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Commemorative Air Force Headquarters

Welcome and JOIN the Golden Gate Wing!

You've just landed at the Base of the Golden Gate Wing! Here you can find the latest news and what's going on!

If you are not a member, check us out! We are a very active group of the CAF, with Fly Days, Dinner meetings with guest speaker, we participate in airshows, organize trips and tours! You can see historic aircraft up close, participate in operations, and best of all, get a hand in keeping 'em flying!

DINNER MEETING w/SPEAKER

Alameda Naval Air Station
"Air Terminal Building 77".

6 PM on the fourth Thursday of the month.
(third Thursday in November)

Click here for details and directions

July 24, 2014 Guest Speaker:

Captain Len Snyder, US Army Air Corps

Born in Ohio in 1919, Len attended Chicago's Art Institute for three years until the outbreak of WWII caused him to volunteer and join the Army Air Corps. Because his grandfather had been a private glider pilot and had taken Len up as a youngster on numerous occasions, Len knew a little about gliders. Believe it or not, the Army took advantage of his experience.

After he received his silver glider pilot's wings with the superimposed ďGĒ over its shield, Len was sent to England where he transitioned from the Waco into the much larger British glider, the Horsa. It could carry up to 30 troops, an amphibious jeep, a towed anti-tank gun, etc. He was assigned to the 24th Squadron of the 220th Glider Transport Group.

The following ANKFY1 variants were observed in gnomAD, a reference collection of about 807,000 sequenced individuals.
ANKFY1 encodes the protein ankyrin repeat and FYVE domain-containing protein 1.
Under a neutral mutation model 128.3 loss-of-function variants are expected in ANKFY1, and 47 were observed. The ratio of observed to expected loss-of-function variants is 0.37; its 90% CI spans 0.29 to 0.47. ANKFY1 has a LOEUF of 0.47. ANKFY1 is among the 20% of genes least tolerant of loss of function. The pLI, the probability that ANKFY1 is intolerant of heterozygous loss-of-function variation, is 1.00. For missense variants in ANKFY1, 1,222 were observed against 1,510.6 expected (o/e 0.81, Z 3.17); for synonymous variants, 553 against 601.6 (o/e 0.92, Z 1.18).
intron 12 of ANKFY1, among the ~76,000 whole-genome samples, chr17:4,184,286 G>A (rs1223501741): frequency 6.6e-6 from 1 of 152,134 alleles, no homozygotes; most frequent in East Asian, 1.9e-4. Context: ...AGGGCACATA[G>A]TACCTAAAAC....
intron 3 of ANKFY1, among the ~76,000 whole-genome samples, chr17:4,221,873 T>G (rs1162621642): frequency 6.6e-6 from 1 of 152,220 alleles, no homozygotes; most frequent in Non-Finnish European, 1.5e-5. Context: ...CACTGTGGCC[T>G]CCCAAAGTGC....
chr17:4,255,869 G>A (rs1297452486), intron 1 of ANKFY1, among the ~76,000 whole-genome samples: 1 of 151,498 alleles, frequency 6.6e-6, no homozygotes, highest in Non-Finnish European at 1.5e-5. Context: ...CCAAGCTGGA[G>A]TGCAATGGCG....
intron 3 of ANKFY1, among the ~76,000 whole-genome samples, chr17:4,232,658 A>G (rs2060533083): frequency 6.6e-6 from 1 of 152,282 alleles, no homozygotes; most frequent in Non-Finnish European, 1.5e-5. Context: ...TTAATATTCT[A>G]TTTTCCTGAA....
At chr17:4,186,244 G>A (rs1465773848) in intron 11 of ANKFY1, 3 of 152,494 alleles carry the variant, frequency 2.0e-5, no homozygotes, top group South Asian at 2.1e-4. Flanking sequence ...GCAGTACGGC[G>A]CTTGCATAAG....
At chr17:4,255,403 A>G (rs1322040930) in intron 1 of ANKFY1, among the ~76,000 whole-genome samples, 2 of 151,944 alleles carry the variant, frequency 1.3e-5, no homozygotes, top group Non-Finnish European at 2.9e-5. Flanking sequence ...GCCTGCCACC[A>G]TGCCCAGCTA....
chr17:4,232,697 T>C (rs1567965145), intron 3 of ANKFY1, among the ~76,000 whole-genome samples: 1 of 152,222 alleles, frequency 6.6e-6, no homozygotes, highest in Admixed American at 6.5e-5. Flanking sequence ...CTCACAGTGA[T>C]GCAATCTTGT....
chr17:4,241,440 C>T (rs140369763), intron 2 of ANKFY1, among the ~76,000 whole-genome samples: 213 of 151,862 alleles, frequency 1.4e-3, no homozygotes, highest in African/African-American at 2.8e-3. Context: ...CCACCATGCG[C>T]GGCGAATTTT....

Lenís first two combat landings in the European Theater were in Normandy on D-Day minus a couple of hours and then in Nancy, France. His third so-called landing actually became a tragic crash-landing in Saargemund, Germany. While piloting at 5,000 feet with an amphibious jeep on board, he was hit with a shard from a German 88 mm anti-aircraft shell. It took out half of his right hand, a couple of ribs, half of his colon, and exited through his back.

He crashed in the trees where members of the famous 442nd Regimental Combat Team extracted him and four other survivors from the wreckage. While removing Lenís bloody glove, they noticed that two fingers came off with it. By the grace of God, ice was found somewhere nearby. Len and his severed fingers were evacuated to Scotland by powered aircraft where his life was saved and his fingers re-attached.

During four years in a VA hospital here in the States recovering from his wounds, he met and ultimately married his nurse, Luella, the love of his life, who he lost a little over two years ago.

Len regained the use of his right hand and resumed work as a freelance illustrator. Later, he was primarily employed as the chief illustrator for Hewlett Packard for 25 years until he retired. His drawing talent is still with him even today.

He and Luella had one daughter and one granddaughter. He lives between Orinda and Moraga.


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